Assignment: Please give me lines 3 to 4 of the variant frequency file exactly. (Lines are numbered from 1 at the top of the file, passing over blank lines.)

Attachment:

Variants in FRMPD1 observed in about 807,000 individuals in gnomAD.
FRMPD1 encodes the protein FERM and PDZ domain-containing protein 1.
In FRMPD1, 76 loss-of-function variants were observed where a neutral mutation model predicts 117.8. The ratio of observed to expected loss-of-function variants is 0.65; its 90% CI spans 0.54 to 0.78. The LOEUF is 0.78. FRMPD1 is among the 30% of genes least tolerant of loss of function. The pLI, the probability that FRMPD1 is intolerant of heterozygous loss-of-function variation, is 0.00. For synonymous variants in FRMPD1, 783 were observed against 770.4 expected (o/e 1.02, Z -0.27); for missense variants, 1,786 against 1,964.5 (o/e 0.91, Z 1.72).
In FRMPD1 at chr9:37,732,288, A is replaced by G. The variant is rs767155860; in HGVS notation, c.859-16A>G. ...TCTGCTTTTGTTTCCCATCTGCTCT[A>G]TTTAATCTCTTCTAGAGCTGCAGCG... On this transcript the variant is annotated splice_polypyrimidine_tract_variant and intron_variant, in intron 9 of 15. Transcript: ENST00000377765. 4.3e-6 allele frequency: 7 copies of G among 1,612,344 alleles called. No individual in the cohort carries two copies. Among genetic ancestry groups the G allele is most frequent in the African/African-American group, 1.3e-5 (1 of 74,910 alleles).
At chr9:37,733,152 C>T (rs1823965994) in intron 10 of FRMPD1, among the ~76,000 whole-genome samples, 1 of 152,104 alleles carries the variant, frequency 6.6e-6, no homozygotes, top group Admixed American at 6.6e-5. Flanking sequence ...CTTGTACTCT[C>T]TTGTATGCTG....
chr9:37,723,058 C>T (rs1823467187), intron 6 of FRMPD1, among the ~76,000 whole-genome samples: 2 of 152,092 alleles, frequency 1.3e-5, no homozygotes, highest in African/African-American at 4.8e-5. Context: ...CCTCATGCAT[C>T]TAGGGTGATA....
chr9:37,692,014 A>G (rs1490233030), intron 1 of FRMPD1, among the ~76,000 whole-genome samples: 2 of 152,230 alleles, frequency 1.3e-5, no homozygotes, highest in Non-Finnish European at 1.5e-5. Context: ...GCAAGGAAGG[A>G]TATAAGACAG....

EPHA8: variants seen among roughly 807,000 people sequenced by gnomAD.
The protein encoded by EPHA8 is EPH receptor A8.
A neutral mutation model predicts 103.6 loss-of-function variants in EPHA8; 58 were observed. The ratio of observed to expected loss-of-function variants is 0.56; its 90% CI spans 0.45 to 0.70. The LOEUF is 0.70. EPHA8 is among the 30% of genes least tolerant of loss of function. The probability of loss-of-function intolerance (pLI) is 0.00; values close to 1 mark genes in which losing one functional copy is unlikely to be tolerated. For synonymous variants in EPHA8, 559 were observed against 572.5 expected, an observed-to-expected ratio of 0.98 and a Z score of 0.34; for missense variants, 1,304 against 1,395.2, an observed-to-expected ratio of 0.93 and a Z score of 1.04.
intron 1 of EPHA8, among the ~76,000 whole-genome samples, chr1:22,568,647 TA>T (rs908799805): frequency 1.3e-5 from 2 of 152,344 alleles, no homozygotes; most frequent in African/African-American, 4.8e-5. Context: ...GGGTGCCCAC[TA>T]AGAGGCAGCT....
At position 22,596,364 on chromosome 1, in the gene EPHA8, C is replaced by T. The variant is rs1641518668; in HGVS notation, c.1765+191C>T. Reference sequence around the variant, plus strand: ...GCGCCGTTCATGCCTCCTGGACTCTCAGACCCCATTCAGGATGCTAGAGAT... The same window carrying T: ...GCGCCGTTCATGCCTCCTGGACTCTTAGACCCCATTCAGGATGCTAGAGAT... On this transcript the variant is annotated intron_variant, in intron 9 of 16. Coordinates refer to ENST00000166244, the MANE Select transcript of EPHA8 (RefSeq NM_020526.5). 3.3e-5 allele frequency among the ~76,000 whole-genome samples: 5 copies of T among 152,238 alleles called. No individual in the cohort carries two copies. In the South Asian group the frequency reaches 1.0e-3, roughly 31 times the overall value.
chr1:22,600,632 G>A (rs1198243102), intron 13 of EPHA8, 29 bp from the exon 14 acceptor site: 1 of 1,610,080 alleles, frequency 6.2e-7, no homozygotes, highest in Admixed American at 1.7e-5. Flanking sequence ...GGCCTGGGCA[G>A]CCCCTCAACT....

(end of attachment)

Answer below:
In FRMPD1, 76 loss-of-function variants were observed where a neutral mutation model predicts 117.8. The ratio of observed to expected loss-of-function variants is 0.65; its 90% CI spans 0.54 to 0.78. The LOEUF is 0.78. FRMPD1 is among the 30% of genes least tolerant of loss of function. The pLI, the probability that FRMPD1 is intolerant of heterozygous loss-of-function variation, is 0.00. For synonymous variants in FRMPD1, 783 were observed against 770.4 expected (o/e 1.02, Z -0.27); for missense variants, 1,786 against 1,964.5 (o/e 0.91, Z 1.72).
In FRMPD1 at chr9:37,732,288, A is replaced by G. The variant is rs767155860; in HGVS notation, c.859-16A>G. ...TCTGCTTTTGTTTCCCATCTGCTCT[A>G]TTTAATCTCTTCTAGAGCTGCAGCG... On this transcript the variant is annotated splice_polypyrimidine_tract_variant and intron_variant, in intron 9 of 15. Transcript: ENST00000377765. 4.3e-6 allele frequency: 7 copies of G among 1,612,344 alleles called. No individual in the cohort carries two copies. Among genetic ancestry groups the G allele is most frequent in the African/African-American group, 1.3e-5 (1 of 74,910 alleles).